A: Luigi Pirandello Pf: 1930, Königsberg Pb: 1930 Tr: 1932 G: Drama in 3 acts; Italian prose S: A theatre and a Sicilian town, 1920s C: 9m, 3fNoises are heard backstage, and suddenly the director Doctor Hinkfuss appears in the auditorium. With interruptions from the audience, he announces the adaptation of a short story by Pirandello. After philosophizing on the permanence of art compared with the flux of reality, he introduces the Sicilian setting and characters. The leading lady Signora Ignazia, mother to four pretty daughters, scandalizes the locals by throwing wild parties, to which airmen are invited. Her long-suffering husband consoles himself with a lugubrious singer. The leading man playing one of the airmen, Rico Verri, declares that he will improvise tonight, speaking words that spring spontaneously from the character he is to play. After the family and escorts have pushed their way into the audience to watch a film, Hinkfuss offers the spectators the choice between watching actors continuing the play in the foyer or observing the scene changes on stage. At another party the father insists that he cannot die according to the script, whereupon he drops dead. By now the actors are totally identified with their characters and dismiss the restricting influence of Hinkfuss. The leading lady is now made up to represent her eldest daughter, who gets married to Verri. Violently jealous, Verri drives her to her death as she sings from Il trovatore. Hinkfuss reappears and congratulates everyone on their performances, due largely, he claims, to his direction.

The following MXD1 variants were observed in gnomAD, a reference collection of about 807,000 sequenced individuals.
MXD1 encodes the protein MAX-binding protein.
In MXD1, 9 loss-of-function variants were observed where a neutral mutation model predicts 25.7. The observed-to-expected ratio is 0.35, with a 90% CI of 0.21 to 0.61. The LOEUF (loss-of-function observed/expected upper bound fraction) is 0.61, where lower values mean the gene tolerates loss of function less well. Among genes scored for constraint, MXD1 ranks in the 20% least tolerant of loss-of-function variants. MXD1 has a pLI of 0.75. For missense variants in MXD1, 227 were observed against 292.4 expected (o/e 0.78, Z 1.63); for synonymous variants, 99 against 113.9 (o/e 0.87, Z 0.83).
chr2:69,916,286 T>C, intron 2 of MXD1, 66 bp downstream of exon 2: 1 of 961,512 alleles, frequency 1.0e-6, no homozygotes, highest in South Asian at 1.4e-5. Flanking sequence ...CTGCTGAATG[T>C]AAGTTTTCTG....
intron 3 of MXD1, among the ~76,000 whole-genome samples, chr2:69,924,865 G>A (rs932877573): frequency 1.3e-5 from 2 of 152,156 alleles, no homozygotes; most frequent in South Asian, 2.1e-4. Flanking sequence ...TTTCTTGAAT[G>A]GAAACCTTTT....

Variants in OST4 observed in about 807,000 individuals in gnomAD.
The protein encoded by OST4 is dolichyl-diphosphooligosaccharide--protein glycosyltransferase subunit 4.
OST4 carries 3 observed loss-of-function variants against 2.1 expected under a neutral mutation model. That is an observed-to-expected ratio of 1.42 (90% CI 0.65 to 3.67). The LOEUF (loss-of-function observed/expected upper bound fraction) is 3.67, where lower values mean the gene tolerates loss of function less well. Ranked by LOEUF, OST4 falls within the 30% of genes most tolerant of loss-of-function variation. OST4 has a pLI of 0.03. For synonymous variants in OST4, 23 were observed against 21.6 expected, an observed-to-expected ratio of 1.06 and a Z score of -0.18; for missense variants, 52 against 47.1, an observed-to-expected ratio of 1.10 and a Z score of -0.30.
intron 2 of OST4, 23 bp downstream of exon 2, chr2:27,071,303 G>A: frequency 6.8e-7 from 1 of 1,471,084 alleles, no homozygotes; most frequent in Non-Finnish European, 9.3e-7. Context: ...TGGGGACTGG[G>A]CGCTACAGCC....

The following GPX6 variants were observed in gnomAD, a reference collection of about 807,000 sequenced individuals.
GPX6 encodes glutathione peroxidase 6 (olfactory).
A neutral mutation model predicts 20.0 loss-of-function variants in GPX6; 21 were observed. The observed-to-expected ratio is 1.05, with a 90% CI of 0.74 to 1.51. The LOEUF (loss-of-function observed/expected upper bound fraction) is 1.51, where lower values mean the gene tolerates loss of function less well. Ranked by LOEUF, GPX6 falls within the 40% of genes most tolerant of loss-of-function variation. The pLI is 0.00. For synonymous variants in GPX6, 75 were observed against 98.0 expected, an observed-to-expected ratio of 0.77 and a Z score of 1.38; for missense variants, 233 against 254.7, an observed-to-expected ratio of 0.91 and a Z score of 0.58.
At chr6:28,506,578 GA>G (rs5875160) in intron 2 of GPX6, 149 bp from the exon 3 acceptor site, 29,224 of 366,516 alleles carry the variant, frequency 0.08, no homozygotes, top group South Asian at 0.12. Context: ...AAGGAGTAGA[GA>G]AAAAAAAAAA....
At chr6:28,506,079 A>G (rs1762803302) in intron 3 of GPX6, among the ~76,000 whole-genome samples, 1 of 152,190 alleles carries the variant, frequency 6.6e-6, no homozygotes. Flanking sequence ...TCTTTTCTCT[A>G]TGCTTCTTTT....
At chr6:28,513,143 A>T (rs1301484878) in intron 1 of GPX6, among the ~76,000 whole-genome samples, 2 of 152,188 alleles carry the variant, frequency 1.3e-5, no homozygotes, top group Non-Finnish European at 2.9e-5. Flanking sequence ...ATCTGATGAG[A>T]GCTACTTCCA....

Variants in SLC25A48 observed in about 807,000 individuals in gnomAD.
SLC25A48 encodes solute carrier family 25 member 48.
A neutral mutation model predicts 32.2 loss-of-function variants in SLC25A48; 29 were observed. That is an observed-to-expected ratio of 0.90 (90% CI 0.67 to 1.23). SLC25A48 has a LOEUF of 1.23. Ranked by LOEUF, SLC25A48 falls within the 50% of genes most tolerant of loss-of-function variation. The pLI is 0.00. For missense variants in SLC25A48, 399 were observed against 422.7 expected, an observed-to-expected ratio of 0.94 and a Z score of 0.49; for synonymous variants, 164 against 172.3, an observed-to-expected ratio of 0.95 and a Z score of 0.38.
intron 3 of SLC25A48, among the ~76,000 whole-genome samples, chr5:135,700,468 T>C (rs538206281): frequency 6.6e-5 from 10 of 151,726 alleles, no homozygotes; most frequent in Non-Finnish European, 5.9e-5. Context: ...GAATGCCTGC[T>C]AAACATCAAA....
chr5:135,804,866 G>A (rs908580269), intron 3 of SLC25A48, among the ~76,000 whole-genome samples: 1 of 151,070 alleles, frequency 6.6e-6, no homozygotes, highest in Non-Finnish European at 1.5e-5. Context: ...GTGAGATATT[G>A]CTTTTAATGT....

A: Luigi Pirandello Pf: 1930, Königsberg Pb: 1930 Tr: 1932 G: Drama in 3 acts; Italian prose S: A theatre and a Sicilian town, 1920s C: 9m, 3f
This is a remarkable example of postmodernist deconstruction, some half a century before this phrase became current. Sometimes unhappily verbose, the play is nevertheless an extraordinary exploration of the relationship between art and reality and of the nature of the theatrical process, including action offstage and the original idea of actors watching a film, now a cliché of contemporary performance.